Since Estonias capital started free modes of public transport for residents in 2013, it claims to have turned a 20 m a year gain each year. But has the strategy achieved its ambitions of reducing traffic and saving people money?
In London a monthly travel card for the whole city costs almost 200. InCopenhagen, a city a fraction of the sizing, youll pay 160. So when you ask the residents of Tallinn about the added benefit of free travel across the city, its a surprise to be met with a roll of the eyes or a sarcastic smile.
The capital of Estonia introduced free modes of public transport at the beginning of 2013 after their populist mayor Edgar Savisaar called a referendum on government decisions, dismissed by critics at the time as a political stunt that the city couldnt afford.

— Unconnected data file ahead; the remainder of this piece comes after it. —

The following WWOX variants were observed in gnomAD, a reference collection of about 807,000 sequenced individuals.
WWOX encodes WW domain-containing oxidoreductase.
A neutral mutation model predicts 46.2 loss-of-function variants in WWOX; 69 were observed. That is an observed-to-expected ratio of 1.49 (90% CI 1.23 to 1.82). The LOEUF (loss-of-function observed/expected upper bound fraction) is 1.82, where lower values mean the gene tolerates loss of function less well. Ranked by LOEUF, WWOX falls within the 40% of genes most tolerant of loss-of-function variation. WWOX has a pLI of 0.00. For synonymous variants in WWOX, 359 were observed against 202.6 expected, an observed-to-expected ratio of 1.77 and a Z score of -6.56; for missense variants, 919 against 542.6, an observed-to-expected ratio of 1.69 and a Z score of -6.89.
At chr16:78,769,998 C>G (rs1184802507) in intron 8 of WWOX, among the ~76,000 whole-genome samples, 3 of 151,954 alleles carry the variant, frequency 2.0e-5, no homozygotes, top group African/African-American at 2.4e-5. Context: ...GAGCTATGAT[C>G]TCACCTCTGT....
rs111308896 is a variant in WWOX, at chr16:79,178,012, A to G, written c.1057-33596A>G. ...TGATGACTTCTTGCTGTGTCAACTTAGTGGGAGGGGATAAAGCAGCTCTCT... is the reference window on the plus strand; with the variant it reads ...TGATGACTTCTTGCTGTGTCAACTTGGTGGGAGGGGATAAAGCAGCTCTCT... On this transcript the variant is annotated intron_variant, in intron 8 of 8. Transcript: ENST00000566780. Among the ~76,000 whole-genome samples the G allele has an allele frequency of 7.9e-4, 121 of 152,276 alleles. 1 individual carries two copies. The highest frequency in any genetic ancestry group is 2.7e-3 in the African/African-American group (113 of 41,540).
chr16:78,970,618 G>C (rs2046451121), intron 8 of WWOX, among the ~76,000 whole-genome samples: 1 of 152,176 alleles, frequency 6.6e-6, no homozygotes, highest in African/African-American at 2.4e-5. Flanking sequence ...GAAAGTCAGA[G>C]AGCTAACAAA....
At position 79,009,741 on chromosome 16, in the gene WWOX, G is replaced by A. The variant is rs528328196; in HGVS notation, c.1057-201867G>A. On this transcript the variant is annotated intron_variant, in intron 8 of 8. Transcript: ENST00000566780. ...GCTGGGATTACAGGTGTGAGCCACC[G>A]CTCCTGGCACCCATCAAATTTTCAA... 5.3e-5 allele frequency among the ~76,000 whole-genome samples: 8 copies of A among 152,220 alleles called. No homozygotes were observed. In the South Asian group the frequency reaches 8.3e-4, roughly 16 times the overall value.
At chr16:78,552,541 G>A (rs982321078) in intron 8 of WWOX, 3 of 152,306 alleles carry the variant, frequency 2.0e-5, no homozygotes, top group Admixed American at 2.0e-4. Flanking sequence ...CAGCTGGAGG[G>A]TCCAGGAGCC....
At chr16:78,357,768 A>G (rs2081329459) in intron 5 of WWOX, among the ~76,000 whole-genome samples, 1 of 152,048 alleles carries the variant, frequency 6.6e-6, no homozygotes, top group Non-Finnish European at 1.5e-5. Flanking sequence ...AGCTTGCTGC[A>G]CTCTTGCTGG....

Three years on Savisaar has been suspended amid allegations of corruption, but the city remains committed to the programme claiming that instead of it expensing them fund, they are turning a profit of 20m a year.
To enjoy Tallinns buses, trams, trolley buses and trains for free you must be registered as a resident, which means that the municipality gets a 1,000 share of your income taxation every year, explains Dr Oded Cats, an expert who has conducted a year long study on the project. Residents merely need to pay 2 for a green card and then all their trip-ups are free.
Since the strategy launched, an additional 25,000 people have registered in the city that previously had a population of 416,000, but this is where the tension lies. The more fund for the city of Tallinn, the less there is for the places they leave behind, explains Cats, so its not hard to see why the government and the mayors office might consider things differently.
Allan Alakula, the official spokesperson for the project, admits boosting the popularity of the mayors officewas one of the key motivations for rolling out the project but insists that it was primarily about easing the burden on peoples wallets, and the citys roads.
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